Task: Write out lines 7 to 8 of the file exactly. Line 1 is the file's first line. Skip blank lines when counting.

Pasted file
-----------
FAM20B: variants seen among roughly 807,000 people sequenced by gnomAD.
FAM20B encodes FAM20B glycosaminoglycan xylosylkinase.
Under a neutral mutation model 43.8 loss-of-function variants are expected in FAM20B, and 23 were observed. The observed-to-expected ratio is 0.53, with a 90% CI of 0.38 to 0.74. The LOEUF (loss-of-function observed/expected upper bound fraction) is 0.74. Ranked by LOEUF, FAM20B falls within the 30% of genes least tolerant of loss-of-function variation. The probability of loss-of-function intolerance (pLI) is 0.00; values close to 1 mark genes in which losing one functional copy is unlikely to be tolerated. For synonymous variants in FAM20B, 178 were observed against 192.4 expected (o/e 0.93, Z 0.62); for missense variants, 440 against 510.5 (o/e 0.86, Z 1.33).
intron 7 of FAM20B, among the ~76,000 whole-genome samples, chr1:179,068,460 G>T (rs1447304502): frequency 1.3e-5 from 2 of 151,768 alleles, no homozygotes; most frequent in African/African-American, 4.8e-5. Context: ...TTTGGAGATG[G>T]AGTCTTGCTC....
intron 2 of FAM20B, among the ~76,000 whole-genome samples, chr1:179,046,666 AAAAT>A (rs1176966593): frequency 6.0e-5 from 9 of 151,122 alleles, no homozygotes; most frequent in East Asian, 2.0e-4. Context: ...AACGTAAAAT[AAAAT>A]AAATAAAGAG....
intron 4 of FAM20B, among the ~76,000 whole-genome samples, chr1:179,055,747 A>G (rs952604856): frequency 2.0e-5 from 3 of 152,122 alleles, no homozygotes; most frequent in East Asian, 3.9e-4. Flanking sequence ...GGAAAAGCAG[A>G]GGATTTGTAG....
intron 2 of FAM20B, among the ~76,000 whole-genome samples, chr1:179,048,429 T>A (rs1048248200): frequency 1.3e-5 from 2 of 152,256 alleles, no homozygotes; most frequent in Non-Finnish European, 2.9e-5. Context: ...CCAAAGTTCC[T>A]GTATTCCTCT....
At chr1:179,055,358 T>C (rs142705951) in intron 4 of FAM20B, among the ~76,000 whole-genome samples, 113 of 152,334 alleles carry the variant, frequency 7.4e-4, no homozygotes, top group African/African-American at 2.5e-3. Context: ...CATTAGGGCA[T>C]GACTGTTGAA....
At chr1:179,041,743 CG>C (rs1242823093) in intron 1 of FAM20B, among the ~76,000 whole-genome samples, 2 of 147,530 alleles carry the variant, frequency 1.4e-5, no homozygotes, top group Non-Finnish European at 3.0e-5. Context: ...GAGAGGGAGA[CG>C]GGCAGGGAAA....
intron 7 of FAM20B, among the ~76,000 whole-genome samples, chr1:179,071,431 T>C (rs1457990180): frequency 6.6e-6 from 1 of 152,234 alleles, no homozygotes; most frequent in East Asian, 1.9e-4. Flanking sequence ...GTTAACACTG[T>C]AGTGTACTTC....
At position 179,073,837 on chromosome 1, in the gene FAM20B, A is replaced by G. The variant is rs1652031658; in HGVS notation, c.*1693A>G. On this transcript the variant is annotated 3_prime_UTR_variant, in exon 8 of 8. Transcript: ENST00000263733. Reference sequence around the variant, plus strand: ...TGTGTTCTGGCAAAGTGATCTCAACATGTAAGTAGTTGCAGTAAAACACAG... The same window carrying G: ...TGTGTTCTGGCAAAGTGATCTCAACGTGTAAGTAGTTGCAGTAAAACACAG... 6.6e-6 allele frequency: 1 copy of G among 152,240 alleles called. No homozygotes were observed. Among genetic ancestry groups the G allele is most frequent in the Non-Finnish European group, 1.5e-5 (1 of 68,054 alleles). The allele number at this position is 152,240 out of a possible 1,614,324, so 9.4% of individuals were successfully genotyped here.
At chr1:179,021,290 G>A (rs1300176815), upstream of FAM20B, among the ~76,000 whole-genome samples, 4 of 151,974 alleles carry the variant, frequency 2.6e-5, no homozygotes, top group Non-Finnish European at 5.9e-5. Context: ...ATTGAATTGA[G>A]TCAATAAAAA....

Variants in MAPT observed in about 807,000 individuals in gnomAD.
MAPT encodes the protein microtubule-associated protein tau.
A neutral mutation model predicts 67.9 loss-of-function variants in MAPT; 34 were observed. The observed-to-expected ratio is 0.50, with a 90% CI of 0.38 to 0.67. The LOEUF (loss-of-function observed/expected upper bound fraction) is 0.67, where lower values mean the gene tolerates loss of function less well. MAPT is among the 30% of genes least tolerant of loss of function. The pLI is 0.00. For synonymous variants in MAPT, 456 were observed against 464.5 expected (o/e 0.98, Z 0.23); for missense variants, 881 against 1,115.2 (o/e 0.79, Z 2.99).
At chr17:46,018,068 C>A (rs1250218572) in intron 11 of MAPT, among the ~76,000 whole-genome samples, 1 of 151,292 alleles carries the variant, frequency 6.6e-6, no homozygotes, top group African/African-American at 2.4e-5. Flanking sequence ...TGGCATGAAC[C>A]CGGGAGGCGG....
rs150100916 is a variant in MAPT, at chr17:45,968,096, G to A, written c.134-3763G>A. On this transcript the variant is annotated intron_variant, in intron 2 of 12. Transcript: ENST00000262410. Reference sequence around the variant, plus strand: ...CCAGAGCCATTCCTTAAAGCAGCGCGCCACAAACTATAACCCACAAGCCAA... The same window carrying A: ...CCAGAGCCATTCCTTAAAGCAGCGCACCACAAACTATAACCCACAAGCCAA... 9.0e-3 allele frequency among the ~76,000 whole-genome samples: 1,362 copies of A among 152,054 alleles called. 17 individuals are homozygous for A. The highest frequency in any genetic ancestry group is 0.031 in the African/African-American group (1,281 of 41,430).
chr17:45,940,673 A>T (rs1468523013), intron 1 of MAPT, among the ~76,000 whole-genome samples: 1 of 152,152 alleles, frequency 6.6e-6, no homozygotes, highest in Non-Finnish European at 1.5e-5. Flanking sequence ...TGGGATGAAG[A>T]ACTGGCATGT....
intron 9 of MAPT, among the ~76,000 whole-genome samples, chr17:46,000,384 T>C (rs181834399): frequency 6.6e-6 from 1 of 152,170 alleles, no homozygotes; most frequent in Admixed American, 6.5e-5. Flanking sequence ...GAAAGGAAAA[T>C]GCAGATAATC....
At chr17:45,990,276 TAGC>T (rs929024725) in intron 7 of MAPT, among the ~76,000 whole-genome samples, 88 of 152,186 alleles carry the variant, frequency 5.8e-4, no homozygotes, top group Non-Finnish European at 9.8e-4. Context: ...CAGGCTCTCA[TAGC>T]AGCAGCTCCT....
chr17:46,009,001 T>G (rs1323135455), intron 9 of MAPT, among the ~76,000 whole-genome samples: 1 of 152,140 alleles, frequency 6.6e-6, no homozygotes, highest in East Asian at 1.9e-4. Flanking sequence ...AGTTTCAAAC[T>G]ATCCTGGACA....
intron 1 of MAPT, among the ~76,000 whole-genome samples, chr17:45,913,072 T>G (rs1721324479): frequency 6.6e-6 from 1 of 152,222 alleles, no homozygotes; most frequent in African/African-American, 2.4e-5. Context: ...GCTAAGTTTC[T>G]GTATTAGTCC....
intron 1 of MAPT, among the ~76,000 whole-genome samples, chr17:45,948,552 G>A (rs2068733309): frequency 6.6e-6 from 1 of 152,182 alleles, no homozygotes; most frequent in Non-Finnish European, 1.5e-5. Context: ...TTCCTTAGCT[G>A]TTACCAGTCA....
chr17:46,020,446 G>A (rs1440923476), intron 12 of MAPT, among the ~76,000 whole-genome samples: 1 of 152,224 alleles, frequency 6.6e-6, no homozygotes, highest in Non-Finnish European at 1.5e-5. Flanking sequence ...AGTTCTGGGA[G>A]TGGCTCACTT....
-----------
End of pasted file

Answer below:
intron 2 of FAM20B, among the ~76,000 whole-genome samples, chr1:179,048,429 T>A (rs1048248200): frequency 1.3e-5 from 2 of 152,256 alleles, no homozygotes; most frequent in Non-Finnish European, 2.9e-5. Context: ...CCAAAGTTCC[T>A]GTATTCCTCT....
At chr1:179,055,358 T>C (rs142705951) in intron 4 of FAM20B, among the ~76,000 whole-genome samples, 113 of 152,334 alleles carry the variant, frequency 7.4e-4, no homozygotes, top group African/African-American at 2.5e-3. Context: ...CATTAGGGCA[T>C]GACTGTTGAA....